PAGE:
If a five-year-old child appreciates their friend, has complete love, care and compassion inbuilt, then what could possibly be a deeper, more meaningful religious experience than this? If we want to thank God for life, what better way than through our connection and acceptance of our self and others as equal ‘Sons of God.’ This acceptance is not found in reading a script and believing it means this or that, but is drawn from a connection to a wisdom that cares deeply and respects the feelings of everyone, whether seemingly the same or vastly different.

Our religious experiences must do more than tolerate other faiths: at the heart of true religion is a deep acceptance firstly of ourselves and from that love a deep acceptance of everyone, no matter what they believe or how they act.

Misinterpretations of age-old teachings may not consider everyone equally, but it is within us each to feel what the truth is and how we wish to be in this world. There need be no clinging to a faith if it does not resonate with the vibration of love we know the world needs.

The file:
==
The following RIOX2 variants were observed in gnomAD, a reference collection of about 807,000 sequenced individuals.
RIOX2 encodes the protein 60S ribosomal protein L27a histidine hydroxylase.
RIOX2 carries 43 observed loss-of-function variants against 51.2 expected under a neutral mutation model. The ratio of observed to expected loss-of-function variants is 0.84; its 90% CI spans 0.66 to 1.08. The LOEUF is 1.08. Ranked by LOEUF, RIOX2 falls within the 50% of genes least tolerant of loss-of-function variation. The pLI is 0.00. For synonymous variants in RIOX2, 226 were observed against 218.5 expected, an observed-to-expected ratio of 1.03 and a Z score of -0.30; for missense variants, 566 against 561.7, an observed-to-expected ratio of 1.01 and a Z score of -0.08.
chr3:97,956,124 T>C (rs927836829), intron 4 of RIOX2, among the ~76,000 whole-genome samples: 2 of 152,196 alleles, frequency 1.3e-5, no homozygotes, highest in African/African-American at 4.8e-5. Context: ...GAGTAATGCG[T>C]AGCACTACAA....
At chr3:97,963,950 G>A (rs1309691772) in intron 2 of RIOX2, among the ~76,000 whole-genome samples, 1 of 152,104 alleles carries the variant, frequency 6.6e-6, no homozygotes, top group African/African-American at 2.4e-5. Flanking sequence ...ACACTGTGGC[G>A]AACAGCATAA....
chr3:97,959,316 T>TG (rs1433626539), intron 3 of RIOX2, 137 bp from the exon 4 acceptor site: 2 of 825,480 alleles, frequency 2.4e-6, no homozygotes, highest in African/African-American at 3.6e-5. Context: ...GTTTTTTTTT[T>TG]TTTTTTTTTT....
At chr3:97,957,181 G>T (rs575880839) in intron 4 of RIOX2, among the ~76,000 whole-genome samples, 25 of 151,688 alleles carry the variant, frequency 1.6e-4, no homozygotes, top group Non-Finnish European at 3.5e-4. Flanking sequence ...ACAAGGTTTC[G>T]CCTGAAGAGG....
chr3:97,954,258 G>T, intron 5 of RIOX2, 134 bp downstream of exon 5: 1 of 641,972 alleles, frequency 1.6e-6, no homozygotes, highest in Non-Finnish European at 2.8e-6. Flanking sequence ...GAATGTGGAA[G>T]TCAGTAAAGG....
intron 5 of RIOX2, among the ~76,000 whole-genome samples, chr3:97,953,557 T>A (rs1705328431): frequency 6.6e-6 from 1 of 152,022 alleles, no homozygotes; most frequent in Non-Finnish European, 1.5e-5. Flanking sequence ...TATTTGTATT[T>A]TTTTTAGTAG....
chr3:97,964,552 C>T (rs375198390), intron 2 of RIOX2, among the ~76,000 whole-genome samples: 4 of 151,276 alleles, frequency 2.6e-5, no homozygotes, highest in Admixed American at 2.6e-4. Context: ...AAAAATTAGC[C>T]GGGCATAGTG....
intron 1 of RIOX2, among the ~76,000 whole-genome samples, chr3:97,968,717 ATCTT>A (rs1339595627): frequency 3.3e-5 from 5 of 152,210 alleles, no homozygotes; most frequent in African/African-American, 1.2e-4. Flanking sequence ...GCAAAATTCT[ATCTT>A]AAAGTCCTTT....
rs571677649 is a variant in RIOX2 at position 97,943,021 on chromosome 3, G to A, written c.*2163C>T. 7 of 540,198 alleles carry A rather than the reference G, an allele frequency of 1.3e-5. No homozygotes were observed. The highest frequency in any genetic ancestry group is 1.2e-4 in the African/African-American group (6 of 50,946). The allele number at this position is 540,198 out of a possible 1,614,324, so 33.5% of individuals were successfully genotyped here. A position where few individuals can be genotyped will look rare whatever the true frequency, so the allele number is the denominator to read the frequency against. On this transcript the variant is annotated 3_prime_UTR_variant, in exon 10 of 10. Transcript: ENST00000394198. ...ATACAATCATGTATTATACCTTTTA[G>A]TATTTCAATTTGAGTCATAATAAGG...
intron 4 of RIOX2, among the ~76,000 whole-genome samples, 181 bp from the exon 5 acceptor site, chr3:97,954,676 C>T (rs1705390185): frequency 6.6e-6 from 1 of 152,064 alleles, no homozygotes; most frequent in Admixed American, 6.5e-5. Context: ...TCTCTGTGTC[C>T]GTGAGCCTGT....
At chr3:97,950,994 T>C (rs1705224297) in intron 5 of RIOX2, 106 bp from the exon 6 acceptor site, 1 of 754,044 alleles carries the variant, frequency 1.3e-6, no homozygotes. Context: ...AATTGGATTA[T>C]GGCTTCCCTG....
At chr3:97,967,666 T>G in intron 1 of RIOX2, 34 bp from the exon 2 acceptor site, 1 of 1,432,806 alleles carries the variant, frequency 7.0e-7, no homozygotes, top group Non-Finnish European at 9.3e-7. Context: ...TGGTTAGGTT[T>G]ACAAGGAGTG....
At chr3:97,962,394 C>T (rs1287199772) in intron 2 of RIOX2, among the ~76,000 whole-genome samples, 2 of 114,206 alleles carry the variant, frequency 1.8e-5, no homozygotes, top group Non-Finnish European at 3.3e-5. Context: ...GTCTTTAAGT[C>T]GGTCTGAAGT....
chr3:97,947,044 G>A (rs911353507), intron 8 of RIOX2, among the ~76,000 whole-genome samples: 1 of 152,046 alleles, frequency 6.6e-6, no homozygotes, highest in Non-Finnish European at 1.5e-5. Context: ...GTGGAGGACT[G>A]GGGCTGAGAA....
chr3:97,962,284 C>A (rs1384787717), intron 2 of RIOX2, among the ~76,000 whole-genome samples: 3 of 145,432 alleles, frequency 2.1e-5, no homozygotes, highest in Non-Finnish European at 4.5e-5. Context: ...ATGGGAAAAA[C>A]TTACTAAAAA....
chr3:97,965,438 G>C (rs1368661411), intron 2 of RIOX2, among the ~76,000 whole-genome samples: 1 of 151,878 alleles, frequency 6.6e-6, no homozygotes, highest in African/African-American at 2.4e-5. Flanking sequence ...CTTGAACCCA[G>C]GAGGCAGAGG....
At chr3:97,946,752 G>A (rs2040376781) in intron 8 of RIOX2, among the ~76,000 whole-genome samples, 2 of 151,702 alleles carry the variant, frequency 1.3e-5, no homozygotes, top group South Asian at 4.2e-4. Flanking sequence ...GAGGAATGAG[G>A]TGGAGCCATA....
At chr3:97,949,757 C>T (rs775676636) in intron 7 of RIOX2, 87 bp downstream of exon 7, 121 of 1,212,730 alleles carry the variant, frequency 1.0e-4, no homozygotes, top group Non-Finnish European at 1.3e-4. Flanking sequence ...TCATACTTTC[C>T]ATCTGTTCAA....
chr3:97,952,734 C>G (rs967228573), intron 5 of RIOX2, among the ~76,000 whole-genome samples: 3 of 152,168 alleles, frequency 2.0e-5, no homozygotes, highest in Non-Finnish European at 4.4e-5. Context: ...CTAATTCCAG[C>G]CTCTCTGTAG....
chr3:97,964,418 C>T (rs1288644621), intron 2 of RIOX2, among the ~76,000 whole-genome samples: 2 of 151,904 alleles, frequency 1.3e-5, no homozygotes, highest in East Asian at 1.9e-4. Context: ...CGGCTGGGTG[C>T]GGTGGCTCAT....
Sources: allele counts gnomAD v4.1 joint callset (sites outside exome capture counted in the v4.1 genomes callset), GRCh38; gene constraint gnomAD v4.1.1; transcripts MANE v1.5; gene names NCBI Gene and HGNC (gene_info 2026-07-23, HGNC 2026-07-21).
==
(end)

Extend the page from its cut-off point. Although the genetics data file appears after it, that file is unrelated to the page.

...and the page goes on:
The Way of the Livingness was gently and slowly introduced by Serge Benhayon as a religion, knowing as he did the negative association many have with that word. But it is far removed from other religions I have seen or experienced; it is in fact a re-claiming of this word that represents us as we truly are, in full technicolour, free of comparison, control, judgement, jealousy and all the other emotional currencies we exchange with in everyday life.

This is religion that stems from within – it is impulsed and drawn out by our own experiences. It is neither from an external concept, nor is it housed in an imposing building or encased by dogma: this makes sense to me – it puts me at ease and it puts us all at the heart of our religion.